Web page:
Left Atrial Appendage Closure in Atrial Fibrillation

Mechanical methods to prevent stroke

Patient and doctor
Considering the alternatives. Hero Images/Getty Images

The greatest health risk faced by people who have atrial fibrillation is the risk of stroke. In people with atrial fibrillation, the risk of having a stroke is four to six times higher than it is in people without this arrhythmia. So when doctors treat a person with atrial fibrillation, one of their main goals is to take steps to reduce the risk of stroke.

Typically, this means taking anticoagulants (blood thinners). In patients with atrial fibrillation who have an increased estimated risk of stroke, anticoagulants will significantly reduce that risk. However, because anticoagulant drugs themselves can cause problems (mainly, the risk of bleeding), and because some patients cannot take them, researchers have been trying for a long time to find alternative ways to lower the risk of stroke in people with atrial fibrillation.

The most promising efforts so far has been the mechanical approach to stroke prevention - developing methods of separating the left atrial appendage from the rest of the left atrium.

Why Does Atrial Fibrillation Cause Stroke?

In atrial fibrillation, the the electrical signals in the atrial chambers, which normally spread across the atria in a smooth, organized fashion, instead become rapid, fragmented, and disorganized.

As a result, the the right and left atria cease to beat effectively, and instead begin to simply “quiver” ineffectively. This loss of normal beating causes the blood within the atrial chambers to swirl around, creating eddies and areas of pooling. In these areas of low blood flow, clots can form. If the clots within the left atrium break off, they can travel to the brain and produce a stroke.

Why Is The Left Atrial Appendage Important?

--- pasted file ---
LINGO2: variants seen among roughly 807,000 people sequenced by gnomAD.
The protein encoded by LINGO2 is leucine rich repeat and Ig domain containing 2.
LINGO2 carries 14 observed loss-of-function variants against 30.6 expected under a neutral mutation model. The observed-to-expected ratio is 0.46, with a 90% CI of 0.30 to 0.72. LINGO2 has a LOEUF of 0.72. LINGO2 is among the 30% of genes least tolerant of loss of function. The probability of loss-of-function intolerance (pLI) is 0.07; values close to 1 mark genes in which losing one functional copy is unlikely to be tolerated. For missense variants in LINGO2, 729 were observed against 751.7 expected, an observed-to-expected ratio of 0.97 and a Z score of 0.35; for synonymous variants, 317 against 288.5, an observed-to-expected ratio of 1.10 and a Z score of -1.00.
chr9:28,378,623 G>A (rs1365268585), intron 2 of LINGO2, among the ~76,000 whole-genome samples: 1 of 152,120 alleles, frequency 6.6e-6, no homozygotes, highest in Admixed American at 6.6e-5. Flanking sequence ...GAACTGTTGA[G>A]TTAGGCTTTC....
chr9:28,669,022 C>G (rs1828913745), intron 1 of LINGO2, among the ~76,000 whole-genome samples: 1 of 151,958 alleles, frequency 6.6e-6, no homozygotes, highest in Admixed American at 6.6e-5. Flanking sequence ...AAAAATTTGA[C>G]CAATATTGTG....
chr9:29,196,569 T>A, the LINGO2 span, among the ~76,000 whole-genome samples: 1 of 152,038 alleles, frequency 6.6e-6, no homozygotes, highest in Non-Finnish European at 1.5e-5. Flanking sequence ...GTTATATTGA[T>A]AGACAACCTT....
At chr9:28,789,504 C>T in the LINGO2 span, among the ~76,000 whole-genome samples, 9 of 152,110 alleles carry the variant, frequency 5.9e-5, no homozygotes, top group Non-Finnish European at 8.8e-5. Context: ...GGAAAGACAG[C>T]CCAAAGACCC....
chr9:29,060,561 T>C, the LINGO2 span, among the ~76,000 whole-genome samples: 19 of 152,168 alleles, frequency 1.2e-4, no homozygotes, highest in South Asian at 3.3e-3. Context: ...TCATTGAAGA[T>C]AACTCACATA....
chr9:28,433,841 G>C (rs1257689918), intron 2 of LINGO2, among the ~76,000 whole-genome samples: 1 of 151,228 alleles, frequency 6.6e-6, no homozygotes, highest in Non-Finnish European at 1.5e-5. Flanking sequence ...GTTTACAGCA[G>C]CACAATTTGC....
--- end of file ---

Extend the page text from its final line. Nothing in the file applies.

The left atrial appendage (LAA) is a small pouch that is formed in the left atrium during fetal development that is believed to have no important function after birth. We now know that in patients with atrial fibrillation the large majority of atrial blood clots develop in the LAA.

So if the LAA can be isolated in some way from the blood circulation, then any clots that form there will be unable to break loose and travel to the brain (or anywhere else in the body). Several methods have now been developed to isolate LAA.

Methods To Isolate The Left Atrial Appendage

Surgical closure or amputation. The LAA can be either removed entirely or ligated (tied off) surgically, so that it no longer communicates with the rest of the left atrium. Amputating or ligating (tying off) the LAA requires major surgery, and these procedures are never performed unless cardiac surgery is being done for some other reason. While clinical data with these surgical approaches are limited, available evidence indicates that they do indeed reduce the risk of subsequent stroke. (LAA amputation appears more effective than ligation.) In fact, the American Heart Association/American College of Cardiology guidelines now recommend amputation of the LAA in patients who are having surgery for mitral stenosis or mitral regurgitation.